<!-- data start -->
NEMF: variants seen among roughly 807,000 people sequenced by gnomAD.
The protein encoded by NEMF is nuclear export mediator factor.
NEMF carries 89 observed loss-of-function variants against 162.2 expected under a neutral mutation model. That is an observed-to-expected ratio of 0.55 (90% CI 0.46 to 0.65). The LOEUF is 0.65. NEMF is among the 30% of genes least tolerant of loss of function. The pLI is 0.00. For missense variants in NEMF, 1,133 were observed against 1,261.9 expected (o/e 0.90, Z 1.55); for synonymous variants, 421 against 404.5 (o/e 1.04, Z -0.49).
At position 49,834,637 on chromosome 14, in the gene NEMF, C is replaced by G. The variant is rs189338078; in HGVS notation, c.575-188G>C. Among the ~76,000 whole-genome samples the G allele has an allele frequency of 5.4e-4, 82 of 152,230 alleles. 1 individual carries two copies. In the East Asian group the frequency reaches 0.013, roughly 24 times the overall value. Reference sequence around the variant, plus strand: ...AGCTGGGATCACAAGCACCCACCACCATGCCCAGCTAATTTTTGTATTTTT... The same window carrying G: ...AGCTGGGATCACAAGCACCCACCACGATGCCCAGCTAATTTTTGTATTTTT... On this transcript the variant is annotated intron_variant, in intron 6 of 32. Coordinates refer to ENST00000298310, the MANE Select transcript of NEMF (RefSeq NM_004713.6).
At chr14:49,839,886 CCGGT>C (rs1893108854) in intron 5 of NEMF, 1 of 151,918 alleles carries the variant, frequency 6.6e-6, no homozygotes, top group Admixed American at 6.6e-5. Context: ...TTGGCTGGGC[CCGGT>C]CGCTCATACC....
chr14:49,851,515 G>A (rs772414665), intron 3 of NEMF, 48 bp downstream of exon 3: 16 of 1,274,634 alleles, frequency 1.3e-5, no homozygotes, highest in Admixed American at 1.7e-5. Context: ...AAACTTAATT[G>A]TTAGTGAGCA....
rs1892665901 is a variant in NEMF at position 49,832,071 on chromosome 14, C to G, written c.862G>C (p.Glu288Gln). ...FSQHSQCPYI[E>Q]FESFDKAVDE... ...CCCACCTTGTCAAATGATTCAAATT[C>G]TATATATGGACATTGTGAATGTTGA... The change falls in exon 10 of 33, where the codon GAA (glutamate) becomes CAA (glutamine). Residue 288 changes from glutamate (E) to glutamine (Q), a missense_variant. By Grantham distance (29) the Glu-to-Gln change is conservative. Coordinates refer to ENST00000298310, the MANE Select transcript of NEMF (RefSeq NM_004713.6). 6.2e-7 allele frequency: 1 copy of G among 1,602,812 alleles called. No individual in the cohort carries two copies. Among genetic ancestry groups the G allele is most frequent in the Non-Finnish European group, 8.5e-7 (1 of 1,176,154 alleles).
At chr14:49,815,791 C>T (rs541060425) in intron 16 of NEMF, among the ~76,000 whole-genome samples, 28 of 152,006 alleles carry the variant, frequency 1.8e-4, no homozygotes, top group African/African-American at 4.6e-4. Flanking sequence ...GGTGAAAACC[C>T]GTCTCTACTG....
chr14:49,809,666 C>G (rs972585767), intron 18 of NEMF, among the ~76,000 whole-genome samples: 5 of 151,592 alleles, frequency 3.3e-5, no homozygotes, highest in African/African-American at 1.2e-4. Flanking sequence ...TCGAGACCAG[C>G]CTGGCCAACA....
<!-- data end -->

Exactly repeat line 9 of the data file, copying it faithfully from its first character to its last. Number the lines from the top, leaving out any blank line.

chr14:49,809,666 C>G (rs972585767), intron 18 of NEMF, among the ~76,000 whole-genome samples: 5 of 151,592 alleles, frequency 3.3e-5, no homozygotes, highest in African/African-American at 1.2e-4. Flanking sequence ...TCGAGACCAG[C>G]CTGGCCAACA....